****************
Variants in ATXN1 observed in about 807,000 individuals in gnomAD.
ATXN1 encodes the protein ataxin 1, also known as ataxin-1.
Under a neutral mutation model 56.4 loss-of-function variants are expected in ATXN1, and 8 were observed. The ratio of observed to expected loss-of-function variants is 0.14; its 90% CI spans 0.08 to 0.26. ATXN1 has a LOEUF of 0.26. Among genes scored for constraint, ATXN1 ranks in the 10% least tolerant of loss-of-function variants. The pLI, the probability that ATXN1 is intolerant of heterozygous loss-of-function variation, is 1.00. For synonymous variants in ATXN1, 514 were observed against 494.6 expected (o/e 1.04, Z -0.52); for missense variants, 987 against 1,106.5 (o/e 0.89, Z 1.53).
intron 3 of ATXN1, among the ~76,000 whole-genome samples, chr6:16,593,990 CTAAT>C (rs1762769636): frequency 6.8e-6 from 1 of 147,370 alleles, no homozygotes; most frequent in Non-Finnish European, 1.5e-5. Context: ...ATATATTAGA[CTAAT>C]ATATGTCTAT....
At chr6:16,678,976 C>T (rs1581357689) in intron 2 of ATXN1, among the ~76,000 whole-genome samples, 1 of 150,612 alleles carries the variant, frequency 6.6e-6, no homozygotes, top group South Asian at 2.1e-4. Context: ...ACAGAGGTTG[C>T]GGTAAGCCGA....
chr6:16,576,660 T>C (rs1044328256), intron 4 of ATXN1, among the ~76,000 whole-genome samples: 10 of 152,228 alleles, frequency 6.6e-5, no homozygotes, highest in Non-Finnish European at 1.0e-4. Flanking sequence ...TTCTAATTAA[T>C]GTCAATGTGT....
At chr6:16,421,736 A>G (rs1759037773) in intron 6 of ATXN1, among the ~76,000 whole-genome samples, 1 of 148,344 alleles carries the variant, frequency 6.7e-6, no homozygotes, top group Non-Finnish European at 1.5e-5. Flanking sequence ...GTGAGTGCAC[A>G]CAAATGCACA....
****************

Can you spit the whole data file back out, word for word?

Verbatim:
Variants in ATXN1 observed in about 807,000 individuals in gnomAD.
ATXN1 encodes the protein ataxin 1, also known as ataxin-1.
Under a neutral mutation model 56.4 loss-of-function variants are expected in ATXN1, and 8 were observed. The ratio of observed to expected loss-of-function variants is 0.14; its 90% CI spans 0.08 to 0.26. ATXN1 has a LOEUF of 0.26. Among genes scored for constraint, ATXN1 ranks in the 10% least tolerant of loss-of-function variants. The pLI, the probability that ATXN1 is intolerant of heterozygous loss-of-function variation, is 1.00. For synonymous variants in ATXN1, 514 were observed against 494.6 expected (o/e 1.04, Z -0.52); for missense variants, 987 against 1,106.5 (o/e 0.89, Z 1.53).
intron 3 of ATXN1, among the ~76,000 whole-genome samples, chr6:16,593,990 CTAAT>C (rs1762769636): frequency 6.8e-6 from 1 of 147,370 alleles, no homozygotes; most frequent in Non-Finnish European, 1.5e-5. Context: ...ATATATTAGA[CTAAT>C]ATATGTCTAT....
At chr6:16,678,976 C>T (rs1581357689) in intron 2 of ATXN1, among the ~76,000 whole-genome samples, 1 of 150,612 alleles carries the variant, frequency 6.6e-6, no homozygotes, top group South Asian at 2.1e-4. Context: ...ACAGAGGTTG[C>T]GGTAAGCCGA....
chr6:16,576,660 T>C (rs1044328256), intron 4 of ATXN1, among the ~76,000 whole-genome samples: 10 of 152,228 alleles, frequency 6.6e-5, no homozygotes, highest in Non-Finnish European at 1.0e-4. Flanking sequence ...TTCTAATTAA[T>C]GTCAATGTGT....
At chr6:16,421,736 A>G (rs1759037773) in intron 6 of ATXN1, among the ~76,000 whole-genome samples, 1 of 148,344 alleles carries the variant, frequency 6.7e-6, no homozygotes, top group Non-Finnish European at 1.5e-5. Flanking sequence ...GTGAGTGCAC[A>G]CAAATGCACA....